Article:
The UK hosts 436,000 foreign students every year. Only 93,000 come from EU and 346,000 from non-EU countries. And 90,000 come from China alone. So not being a member of the EU is no barrier to students choosing where to study. Our science budget was badly hit when the EU robbed the Horizon budget of £2bn as we paid for the Euro-bailout.

Far from protecting union rights, the EU is leading the attack on some of the Labour government’s best achievements:

◆ zero hours contracts are being promoted under EU Flexible Labour Market Rules.

◆ free collective bargaining has been suspended in Greece, Ireland, Portugal and Romania.

◆ in the Viking-Line case the European Court of Justice protects an employer’s freedom to void collective agreements with trade unions and cut jobs and terms and conditions.

Three million UK jobs depend on being in the EU. But 5 million jobs inside the EU depend on their exports – £63bn more to us than we ship to them.

One million German and 494,000 French jobs depend on their exports to us. More champagne was sold here last year than in France. And 421,000 Spanish jobs and 309,000 Italian jobs all depend on our purchases. Germany exports over £11bn worth of cars to us. France exports £940m in wine, Spain £537m in fruit and Italy £363m in shoes.

For every three items we sell to them, they ship five items to us. Any penal tariffs imposed on us by the EU would mean cutting off their nose to spite their face.

Unlike Canada, which has taken a decade not to reach a trade agreement, for 44 years, we’ve had a trade treaty with the EU. Why would they tear it up and threaten five million of their own jobs? The leader of the Remain Campaign, Lord Stuart Rose, said “Nothing is going to happen if we come out of Europe in the first five years.” No wonder David Cameron was ridiculed for predicting a global Brexit recession and World War III.

The failure of the EU to agree trade treaties with economic powerhouses like India and China is holding back UK companies. We do very well trading outside the EU and export £27bn more to the rest of the world than they send us.

Switzerland has trade treaties with more countries than the EU. Brussels has wasted years in fruitless negotiations and Scottish steel workers are paying the price. When we leave the EU, we will get our seat on the World Trade Organisation back.

The Transatlantic Trade & Investment Partnership treaty is being negotiated in secret. Contracts not awarded to US companies for the NHS or Scottish Water could be challenged in court.

The US pumps growth hormones into beef. We do not. We ban 1,200 substances for use in cosmetics, as against 12 in the US. The US has far laxer restrictions on the use of pesticides. TTIP is negotiating for laxer banking regulations too.

We give £5bn per annum to the Common Agricultural Policy. Brussels only gives our farmers £2.9m. Scottish farmers are the least favoured in the EU under the CAP Pillar 1 and Pillar 2 funding rules.

The latest CAP bailout in January cost us €550m to buy up and create dried milk mountains. Last week, the EU’s Anti-Fraud Office (OLAF) reported £675m lost in 2014 in fraudulent claims for vegetable depots and factories.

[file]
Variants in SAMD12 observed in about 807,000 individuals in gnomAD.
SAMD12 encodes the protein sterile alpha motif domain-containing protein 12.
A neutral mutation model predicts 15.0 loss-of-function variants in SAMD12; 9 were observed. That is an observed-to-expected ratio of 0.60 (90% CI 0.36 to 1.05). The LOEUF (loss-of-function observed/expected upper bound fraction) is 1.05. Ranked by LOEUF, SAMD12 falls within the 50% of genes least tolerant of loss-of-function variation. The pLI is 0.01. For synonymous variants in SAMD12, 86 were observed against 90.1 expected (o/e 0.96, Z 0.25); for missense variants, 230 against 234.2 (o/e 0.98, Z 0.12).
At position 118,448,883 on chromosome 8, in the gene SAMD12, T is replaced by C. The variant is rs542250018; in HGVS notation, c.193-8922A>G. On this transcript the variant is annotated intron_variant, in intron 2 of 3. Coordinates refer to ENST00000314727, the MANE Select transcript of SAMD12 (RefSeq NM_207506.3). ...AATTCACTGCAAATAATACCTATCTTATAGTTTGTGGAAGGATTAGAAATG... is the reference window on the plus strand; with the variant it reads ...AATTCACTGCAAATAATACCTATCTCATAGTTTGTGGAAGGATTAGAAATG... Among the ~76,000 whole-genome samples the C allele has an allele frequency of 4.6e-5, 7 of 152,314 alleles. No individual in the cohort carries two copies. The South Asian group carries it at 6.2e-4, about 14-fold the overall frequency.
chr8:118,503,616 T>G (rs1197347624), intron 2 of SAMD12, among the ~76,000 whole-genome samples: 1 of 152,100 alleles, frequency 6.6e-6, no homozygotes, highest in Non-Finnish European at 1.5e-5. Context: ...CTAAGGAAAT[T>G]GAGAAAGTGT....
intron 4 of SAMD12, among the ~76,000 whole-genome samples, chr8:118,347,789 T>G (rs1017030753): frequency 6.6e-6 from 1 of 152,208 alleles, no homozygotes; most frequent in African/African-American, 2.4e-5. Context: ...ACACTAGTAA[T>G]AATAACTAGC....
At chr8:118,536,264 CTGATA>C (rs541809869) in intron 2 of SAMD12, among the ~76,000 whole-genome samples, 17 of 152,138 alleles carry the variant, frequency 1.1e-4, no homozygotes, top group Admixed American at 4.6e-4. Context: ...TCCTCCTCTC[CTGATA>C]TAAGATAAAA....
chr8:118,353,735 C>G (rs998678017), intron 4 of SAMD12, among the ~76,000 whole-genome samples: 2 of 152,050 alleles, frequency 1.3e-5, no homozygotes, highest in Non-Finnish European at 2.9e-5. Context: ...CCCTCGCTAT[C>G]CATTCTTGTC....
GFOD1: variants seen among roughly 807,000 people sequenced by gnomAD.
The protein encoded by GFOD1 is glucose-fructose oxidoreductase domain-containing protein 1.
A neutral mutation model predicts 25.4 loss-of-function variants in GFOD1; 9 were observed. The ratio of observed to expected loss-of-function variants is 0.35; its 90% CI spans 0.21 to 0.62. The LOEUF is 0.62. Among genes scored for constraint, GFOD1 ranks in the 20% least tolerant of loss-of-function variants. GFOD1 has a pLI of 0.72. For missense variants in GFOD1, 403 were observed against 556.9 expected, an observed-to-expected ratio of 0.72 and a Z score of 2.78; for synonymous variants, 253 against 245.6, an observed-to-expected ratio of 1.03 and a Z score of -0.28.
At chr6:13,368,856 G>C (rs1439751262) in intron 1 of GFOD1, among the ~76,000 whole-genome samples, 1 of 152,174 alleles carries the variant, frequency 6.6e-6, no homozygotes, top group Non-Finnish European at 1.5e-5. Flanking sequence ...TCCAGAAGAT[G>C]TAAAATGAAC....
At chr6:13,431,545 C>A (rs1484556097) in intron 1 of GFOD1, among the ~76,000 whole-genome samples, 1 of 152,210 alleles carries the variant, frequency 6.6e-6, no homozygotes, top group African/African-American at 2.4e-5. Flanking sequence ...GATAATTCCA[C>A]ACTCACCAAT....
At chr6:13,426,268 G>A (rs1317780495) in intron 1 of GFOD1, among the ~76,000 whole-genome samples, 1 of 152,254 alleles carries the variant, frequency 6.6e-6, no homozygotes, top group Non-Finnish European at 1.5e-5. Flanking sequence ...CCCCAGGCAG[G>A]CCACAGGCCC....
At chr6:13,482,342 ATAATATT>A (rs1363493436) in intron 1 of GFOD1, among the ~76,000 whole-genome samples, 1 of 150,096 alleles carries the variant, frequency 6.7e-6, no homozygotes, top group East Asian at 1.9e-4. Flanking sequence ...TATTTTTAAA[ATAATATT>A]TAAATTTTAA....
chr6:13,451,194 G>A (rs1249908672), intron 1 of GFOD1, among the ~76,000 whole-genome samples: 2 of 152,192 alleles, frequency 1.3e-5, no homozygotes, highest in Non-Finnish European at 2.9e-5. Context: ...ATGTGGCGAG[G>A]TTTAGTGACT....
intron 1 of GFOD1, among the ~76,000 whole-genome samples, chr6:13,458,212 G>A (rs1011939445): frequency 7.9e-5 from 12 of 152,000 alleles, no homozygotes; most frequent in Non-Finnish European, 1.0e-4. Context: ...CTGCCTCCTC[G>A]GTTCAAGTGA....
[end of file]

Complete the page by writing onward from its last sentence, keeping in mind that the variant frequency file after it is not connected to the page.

In the past 54 years of the Common Agricultural Policy, Brussels has never got a grip and they never will.

From Horse Passports and the Pet Travel Scheme to the widespread illegal use of intensive battery cages, lax EU enforcement puts us all at risk. When we leave the EU we can use the £5bn CAP payment on the priorities we agree with our farmers.

The Common Fisheries Policy has been even worse. In 1972, Brussels calculated that the UK waters contained 80 per cent of all Europe’s fish stocks. While UK trawler owners were paid by the EU to scrap their boats, grants were given by the EU to Spain to build new trawlers. The result: cod stocks have declined by 70 per cent in the past ten years while UK jobs have dropped from 40,000 to 10,000 and EU factory fleets steal fish from African waters.

Has the CFP made us self-sufficient in fish? Far from it. The EU is forced to import 60 per cent of fish products. This benefits Norway, whose output has risen by more than 40 per cent in a decade, and Iceland, whose territorial waters are a ninth of the UK’s, but whose fleet catches more fish than ours.

The promised reform of the CFP over 44 years has never materialised. That’s why we need to take back control of our territorial waters.

The UK public has always generously supported the world’s poorest countries. The last Labour government was instrumental in linking aid to anti-corruption initiatives. It increased spending on alleviating poverty, investing in schooling and tackling disease and ill-health in Africa, Asia and South America. But the EU’s approach is marked by lax controls. Too often aid funding on the Continent has been tied to lucrative contracts. Worse, this January the EU’s fraud office reported that an estimated £11bn of Brussels aid was wasted through graft and incompetence. The EU’s chief accountant, Marta Andreasen, refused to sign off the accounts because of the massive internal fraud. She was fired, got herself elected to the European Parliament, then was kept off the committee that scrutinises the budget.

That’s why we need to return control of spending to our parliaments.

The UK is one of the world’s top five economies. The EU has limited our potential and slowed down growth.

It is time to keep the £10bn net we pay Brussels every year, and spend it on our priorities: public services, sustainable farming and fishing, apprenticeships and supporting a solid manufacturing base.

That is why we must vote to leave the EU on 23 June.

Dr Nigel Griffiths is the Director of Strategy for Labour Leave. From 1987-2010, he was the Labour MP for Edinburgh South – the only seat still held by Labour in Scotland. He served as Minister for Trade and Industry 1997-98 and 2001-2005, and as Deputy Leader of the House of Commons 2005-2007 until he resigned over the government’s decision to renew Trident